TOO few people are getting screened for colorectal cancer regularly, despite knowing that early detection of the top cancer in Singapore can save lives.
Only a quarter of men and women over 50 are up to date with their screening, according to a national survey led by the National University Hospital (NUH).
One key reason is that most people do not believe that they will succumb to the disease.
This is despite the latest five-year figures from the Singapore Cancer Registry showing that there is an average of 1,746 new cases of colorectal cancer and 715 deaths resulting from it every year. This "big disconnect" is among the worrying trends unearthed in the study of 1,743 people.
Said principal investigator Reuben Wong, a consultant with NUH's gastroenterology and hepatology division: "Clearly, the lack of understanding that they can be susceptible to the disease is worrying."
The study showed that about half also prefer to simply leave things to fate.
"The idea of fatalism is also a mentality that needs to be corrected," noted Dr Wong.
Due to these beliefs, people fail to go for check-ups. But colorectal cancer is a disease that can be prevented easily, he added.
There are two screening methods used routinely here - the faecal occult blood test, which tests for blood in the stool, and the colonoscopy, in which a tube with a video camera is inserted into the anus to spot any abnormalities.
People over 50 are usually advised to go for a colonoscopy once every 10 years. Those with a family history of the disease will be advised to get tested more often.
Some 83.4 per cent of the study's respondents said they were concerned that screening tests are too expensive.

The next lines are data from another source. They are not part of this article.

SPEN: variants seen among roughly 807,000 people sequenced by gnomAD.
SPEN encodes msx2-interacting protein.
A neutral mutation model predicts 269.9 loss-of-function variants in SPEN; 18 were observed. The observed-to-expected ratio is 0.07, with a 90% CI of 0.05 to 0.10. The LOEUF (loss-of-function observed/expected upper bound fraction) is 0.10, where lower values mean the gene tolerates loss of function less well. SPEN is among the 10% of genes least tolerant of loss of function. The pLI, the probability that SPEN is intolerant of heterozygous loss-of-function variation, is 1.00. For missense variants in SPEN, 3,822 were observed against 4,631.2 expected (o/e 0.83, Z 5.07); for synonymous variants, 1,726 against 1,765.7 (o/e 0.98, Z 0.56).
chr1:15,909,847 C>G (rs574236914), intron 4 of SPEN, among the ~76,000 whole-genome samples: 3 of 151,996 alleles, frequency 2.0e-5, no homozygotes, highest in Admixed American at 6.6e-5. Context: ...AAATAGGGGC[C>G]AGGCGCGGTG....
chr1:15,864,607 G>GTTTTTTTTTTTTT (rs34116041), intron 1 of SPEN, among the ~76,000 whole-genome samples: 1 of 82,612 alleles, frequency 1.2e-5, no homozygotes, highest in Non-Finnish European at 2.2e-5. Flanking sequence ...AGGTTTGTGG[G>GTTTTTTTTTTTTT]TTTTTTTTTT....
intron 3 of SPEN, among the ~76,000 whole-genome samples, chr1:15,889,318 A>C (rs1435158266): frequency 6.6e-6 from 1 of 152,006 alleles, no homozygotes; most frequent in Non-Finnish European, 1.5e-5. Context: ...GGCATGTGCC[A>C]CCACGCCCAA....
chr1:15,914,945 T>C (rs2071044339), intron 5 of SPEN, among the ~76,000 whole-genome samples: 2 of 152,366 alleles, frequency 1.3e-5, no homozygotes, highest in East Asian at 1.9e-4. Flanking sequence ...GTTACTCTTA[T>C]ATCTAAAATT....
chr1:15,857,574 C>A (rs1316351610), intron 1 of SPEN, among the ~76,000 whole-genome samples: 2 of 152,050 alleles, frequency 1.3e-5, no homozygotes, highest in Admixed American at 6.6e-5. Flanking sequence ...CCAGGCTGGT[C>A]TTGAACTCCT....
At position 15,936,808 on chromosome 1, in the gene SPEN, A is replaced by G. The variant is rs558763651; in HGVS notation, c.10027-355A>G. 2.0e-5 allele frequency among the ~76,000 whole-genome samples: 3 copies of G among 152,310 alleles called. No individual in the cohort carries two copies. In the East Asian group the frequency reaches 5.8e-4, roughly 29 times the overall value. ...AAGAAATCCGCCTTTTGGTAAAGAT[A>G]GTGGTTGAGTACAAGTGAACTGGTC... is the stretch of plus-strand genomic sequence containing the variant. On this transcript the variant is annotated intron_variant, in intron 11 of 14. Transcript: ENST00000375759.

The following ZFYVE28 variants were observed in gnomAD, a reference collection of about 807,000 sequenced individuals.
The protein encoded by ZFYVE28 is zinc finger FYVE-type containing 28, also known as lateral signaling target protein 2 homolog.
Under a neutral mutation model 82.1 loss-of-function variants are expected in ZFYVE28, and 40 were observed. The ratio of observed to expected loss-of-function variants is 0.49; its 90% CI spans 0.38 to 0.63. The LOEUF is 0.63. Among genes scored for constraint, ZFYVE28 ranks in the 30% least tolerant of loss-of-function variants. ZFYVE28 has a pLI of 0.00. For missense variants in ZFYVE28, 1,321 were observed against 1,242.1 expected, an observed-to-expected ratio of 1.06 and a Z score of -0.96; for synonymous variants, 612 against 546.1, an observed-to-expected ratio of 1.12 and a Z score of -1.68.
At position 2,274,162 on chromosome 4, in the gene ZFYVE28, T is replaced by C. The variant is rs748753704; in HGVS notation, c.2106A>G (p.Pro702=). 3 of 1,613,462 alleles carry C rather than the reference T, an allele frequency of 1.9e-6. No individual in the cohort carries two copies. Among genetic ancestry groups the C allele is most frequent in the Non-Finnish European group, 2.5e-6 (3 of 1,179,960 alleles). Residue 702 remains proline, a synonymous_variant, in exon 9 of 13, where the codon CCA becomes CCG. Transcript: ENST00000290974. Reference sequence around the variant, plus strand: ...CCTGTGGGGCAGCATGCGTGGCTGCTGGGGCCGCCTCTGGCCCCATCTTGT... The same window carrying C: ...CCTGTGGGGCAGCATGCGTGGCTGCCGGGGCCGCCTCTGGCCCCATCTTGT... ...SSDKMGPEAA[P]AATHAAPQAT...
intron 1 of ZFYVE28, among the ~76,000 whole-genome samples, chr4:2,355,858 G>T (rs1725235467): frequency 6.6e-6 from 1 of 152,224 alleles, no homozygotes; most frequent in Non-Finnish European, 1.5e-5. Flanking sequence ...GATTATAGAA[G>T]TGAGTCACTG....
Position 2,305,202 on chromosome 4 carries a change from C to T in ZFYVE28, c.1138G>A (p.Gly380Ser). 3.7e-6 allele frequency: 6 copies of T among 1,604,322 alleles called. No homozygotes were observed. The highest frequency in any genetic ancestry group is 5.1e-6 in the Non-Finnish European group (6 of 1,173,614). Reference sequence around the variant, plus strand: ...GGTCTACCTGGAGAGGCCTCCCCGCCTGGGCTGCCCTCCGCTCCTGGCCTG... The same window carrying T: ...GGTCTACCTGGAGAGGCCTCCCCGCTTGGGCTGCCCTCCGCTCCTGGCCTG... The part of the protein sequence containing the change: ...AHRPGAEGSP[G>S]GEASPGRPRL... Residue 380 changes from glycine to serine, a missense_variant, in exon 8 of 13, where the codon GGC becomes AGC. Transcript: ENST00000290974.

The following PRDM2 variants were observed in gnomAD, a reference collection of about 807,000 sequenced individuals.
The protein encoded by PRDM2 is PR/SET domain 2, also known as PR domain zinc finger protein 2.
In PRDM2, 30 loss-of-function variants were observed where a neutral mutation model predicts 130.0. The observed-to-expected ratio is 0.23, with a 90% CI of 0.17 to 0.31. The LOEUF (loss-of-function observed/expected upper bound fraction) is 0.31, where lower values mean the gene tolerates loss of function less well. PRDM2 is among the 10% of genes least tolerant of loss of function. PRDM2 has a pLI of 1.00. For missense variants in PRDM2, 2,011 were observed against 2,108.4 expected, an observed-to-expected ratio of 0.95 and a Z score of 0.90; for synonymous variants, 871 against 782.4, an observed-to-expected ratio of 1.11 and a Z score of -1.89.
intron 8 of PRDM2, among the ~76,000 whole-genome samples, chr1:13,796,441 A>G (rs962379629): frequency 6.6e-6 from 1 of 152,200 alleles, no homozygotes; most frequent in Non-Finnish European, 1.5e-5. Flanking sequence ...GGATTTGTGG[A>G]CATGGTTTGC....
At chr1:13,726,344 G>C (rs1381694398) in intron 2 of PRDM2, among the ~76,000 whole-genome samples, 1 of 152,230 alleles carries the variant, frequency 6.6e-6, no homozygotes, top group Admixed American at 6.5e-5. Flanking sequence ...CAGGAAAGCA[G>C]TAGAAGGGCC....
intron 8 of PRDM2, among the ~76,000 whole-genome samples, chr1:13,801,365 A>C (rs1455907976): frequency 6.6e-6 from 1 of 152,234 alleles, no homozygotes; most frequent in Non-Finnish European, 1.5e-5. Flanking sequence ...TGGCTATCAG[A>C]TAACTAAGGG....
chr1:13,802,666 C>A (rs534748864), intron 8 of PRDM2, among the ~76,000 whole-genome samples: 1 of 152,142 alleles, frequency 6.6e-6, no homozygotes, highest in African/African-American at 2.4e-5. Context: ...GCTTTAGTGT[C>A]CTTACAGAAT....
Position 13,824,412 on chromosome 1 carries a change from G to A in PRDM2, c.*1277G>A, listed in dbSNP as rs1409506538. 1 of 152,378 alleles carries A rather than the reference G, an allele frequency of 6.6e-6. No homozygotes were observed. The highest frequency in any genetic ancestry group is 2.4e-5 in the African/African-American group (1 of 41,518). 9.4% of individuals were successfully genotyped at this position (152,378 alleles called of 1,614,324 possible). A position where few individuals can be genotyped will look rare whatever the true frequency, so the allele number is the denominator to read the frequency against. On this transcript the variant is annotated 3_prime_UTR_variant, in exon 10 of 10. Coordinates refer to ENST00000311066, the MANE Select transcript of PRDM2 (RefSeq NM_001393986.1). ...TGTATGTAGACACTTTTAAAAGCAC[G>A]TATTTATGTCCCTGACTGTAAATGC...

A colonoscopy costs $250 for each subsidised patient, and the faecal occult blood test is only about $10 to $20.
As such, the high cost could be more of a misconception, reported the study.
Men and women also have different motivations to go for testing. For instance, men are more likely to get screened if their doctor recommends it while women respond more strongly if they have relatives with colorectal cancer.
Women are also more motivated by public health talks, but harbour greater fears about the tests.
But doctors also need to do more - only 22.6 per cent have been told by their doctors to get tested.
Housewife Irene Tan, 59, has been going for regular screening for more than 10 years. Her mother died of the cancer in 1997 at the age of 63.
Since then, she has had about 20 polyps, which can lead to cancer, removed.
"Maybe people fear the cost and of getting the result," she said. "But it is worth doing for peace of mind."
Findings at a glance
- Those who are up to date with screening: 27%
- Know that screening can detect colorectal cancer and save lives: 90%
- Don't believe they will get colorectal cancer: 65%
- Feel that such things are fated: about 45%
- Men, women who have been advised by their doctors to be tested: 23%
- Men 3.5 times more likely to get screened if advised by doctor
- Women 2.5 times more likely to test if someone in their family has the disease
This story was first published in The Straits Times on Sept 11, 2013
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